I need to boot Ubuntu in a computer (computer A) with no CD. I have a 16 Gb pendrive with a live Ubuntu version. The pendrive works in at least two newer computers. Computer A boots from a 2Gb pendrive right. So it's likely a BIOS issue.

But it's quite inconvenient to always carry two pendrives, how can I made the older computer boot from the bigger drive?.


  • Repartitioning the drive doesn't seen to work.
  • I noticed than the 16 Gb pendrive is seen like a external zip drive by the BIOS, while the smaller one is seen as a Hard Disk. Likely related.
  • Looks like I would need to carry a second stick. Thanks to all. Aug 13 '10 at 16:39

Very often you can run in to problems with high-capacity usb-sticks and old hardware, most of the time the it is only BIOS that seems to be the problem. So if the BIOS can be upgraded then try that.

The only other solution (afaik) is to kickstart usb-booting from a floppy-disk, and that is not really an alternative to carrying two sticks.

If you are interested in the floppy method you should look at the grub documentation, and this brief guide on how to dd the precompiled image for pendrivelinux, after writing the disk you might have to edit the grub-config file on there.

  • Thanks, but most of the computers don't have a floppy disk either. I'm better carrying two sticks than a stick and a external floppy drive ;). Aug 13 '10 at 8:41
  • Try to find out if the BIOS can be upgraded. Aug 13 '10 at 8:42
  • No floppy, no windows utility, no easy BIOS upgrade :( Aug 13 '10 at 10:03
  • without having something other than a usb-plug to kickstart from you don't have any other choice than to install from a smaller usb-drive. and I wasn't refering to the windows utility but the section titled "Creating a Boot Floppy to Boot Pendrive Linux from a USB device". Aug 13 '10 at 11:47
  • I was talking about updating the BIOS. I only know 3 ways, boot from a floppy disk, boot from a FreeDos CD, use some nice windows utilities that some manufacturers supply. Aug 13 '10 at 13:34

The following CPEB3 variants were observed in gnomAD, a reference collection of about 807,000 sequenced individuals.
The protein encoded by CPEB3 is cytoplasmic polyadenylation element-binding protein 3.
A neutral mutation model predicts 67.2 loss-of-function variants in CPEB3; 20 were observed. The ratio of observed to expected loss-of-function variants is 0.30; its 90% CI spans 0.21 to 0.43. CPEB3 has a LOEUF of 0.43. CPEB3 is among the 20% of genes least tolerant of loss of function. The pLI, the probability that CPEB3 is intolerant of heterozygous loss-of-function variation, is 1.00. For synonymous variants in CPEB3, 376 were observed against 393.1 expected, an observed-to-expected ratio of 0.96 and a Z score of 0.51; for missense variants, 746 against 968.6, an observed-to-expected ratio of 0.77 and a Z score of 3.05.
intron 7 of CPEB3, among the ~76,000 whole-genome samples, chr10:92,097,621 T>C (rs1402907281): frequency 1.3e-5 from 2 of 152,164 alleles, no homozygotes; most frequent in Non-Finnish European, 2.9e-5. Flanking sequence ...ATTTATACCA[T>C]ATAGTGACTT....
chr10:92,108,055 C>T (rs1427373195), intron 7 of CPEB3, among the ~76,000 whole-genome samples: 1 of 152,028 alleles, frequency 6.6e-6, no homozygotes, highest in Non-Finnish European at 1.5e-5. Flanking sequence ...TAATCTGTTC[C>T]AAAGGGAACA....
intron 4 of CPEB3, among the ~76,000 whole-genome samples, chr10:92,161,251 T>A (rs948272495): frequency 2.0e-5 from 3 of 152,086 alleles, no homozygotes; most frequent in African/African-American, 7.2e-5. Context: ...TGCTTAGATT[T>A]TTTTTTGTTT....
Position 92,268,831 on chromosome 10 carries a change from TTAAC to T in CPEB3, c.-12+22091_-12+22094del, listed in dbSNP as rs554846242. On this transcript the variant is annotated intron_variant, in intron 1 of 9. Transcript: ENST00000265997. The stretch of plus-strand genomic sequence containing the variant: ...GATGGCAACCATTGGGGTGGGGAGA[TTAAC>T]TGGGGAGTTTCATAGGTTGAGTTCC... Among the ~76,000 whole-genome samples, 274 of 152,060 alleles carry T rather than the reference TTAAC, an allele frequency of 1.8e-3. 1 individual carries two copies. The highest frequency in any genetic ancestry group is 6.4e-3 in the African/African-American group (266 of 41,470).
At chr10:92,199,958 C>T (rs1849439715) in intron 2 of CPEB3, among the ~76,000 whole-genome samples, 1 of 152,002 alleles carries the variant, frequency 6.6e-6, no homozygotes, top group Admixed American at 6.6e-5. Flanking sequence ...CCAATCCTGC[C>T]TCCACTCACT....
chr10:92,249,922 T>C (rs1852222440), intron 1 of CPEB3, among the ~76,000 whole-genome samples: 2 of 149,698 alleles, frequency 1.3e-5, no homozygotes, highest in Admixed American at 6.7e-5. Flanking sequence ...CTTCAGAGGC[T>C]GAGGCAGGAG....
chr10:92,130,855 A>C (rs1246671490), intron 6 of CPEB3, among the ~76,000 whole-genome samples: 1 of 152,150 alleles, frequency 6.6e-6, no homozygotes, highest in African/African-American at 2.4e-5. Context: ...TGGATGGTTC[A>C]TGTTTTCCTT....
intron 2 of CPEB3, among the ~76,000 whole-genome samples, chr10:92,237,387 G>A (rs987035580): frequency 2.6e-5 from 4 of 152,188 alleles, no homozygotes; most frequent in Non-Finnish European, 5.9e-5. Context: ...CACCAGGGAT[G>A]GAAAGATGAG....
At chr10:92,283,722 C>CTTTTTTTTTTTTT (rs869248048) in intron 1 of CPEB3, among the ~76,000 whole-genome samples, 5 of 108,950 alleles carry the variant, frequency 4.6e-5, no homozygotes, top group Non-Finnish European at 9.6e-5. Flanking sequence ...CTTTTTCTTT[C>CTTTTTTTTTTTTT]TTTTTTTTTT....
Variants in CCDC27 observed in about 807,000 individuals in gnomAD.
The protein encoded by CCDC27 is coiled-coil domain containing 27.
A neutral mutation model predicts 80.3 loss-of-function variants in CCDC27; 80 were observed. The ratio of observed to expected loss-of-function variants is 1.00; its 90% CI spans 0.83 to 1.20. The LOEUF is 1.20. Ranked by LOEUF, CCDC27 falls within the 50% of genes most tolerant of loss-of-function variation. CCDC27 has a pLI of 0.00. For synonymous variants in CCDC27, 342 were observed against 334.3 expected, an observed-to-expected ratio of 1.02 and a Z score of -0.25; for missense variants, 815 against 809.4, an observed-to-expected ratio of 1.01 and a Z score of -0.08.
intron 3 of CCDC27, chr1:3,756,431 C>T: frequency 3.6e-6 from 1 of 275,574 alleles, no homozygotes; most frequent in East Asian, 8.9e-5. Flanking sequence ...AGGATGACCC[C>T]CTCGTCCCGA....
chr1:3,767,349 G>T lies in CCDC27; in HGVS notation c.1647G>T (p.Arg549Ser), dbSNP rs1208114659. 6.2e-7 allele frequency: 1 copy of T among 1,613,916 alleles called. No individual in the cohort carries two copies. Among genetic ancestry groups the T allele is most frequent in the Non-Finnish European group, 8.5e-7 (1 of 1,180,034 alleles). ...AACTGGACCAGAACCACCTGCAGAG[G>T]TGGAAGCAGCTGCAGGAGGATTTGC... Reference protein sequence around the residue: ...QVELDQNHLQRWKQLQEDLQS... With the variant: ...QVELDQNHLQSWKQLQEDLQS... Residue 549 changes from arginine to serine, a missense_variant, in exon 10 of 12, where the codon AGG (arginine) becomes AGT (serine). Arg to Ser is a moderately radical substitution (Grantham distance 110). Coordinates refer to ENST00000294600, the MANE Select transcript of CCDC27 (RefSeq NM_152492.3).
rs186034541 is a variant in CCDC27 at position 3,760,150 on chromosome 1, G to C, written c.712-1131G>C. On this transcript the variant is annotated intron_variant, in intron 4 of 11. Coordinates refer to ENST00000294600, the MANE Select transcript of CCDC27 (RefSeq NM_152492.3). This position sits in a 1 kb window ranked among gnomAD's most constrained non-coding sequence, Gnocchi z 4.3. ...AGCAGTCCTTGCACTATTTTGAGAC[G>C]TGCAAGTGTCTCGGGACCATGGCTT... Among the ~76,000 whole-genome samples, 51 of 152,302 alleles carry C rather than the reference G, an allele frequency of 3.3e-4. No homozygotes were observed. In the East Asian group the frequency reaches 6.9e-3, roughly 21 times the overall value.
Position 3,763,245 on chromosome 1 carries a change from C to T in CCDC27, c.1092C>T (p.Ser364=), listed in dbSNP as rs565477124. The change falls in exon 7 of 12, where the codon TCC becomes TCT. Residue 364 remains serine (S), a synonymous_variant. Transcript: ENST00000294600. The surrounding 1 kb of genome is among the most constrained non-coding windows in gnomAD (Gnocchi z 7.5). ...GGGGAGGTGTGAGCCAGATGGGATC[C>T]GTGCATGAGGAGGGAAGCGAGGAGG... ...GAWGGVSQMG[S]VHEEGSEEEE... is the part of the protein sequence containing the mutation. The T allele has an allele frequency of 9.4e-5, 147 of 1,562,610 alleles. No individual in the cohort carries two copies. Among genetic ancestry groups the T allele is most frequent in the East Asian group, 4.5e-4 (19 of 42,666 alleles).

A lot of BIOSes, even quite recent ones, can't boot from a USB device that has partitions. In Linux terms, the filesystem must be directly on /dev/sd?; the mere existence of a partition table makes the BIOS give up.

If this is an older BIOS, then in addition the bootloader may need to live entirely near the beginning of the disk (typical limits are 512MB, 2GB or 8GB).

  • Thanks, great insight. Unluckily it didn't make any difference with that computer :(. Aug 13 '10 at 16:40
  • If you haven't tried it already, try sticking the 16 GB stick in Ubuntu and shrinking the partition down to 2 GB using gparted. I know you said, "Repartitioning the drive doesn't seen to work", but you didn't go into details. If this works, you can format the remainder of the drive to something like ext3 and windows will never know that space is there.

  • You could get a Compact Flash to IDE converter (both laptop and desktop IDE plugs are available), and a flash card and put your OS on that. Of course, instead of two pen drives you have to open every case and hope for a spare PATA socket, so I don't see how that helps


In 2007 I installed Xubuntu on a 20GB hard drive on an older computer. When I booted up, I got GRUB error 18.

Reading about GRUB error 18, I learned that it meant my Ubuntu partition was too large for the BIOS to handle.

The solution was to create a 100MB EXT3 partition and set it to be mount as /boot.

How to do the same with a flash drive, I'm not sure.

  • Repartitioning doesn't seem to work. I don't really believe that this is the problem as it a not soo old computer. It can boot from usb, it has usb that novelty !!!! ;). Aug 13 '10 at 13:36

With http://www.plop.at/en/bootmanager.html you can create a cd that will allow you to boot the usb. You would have to carry both the cd and stick with you though.

  • ​In order this solution to work, in the BIOS, I had to disable Legacy USB Storage. Oct 11 '17 at 5:38

Try Unetbootin it is better for booting older computer from USB stick. I first used Yumi boot it worked fine for newer computers but not old. Then I installed Unetbutin and the old computer boots ok. If you favor a Linux computer it is also possible to make a startup on a USB with an ISO file with Ubuntu startup program.


The best way to create a USB multiOS bootable is with Yumi and has to be on FAT 32.

Firstable add the unlisted ISOs , and secondary the main ISOs example Ubuntu 11.04 x86, Ubuntu 11.04 x64.

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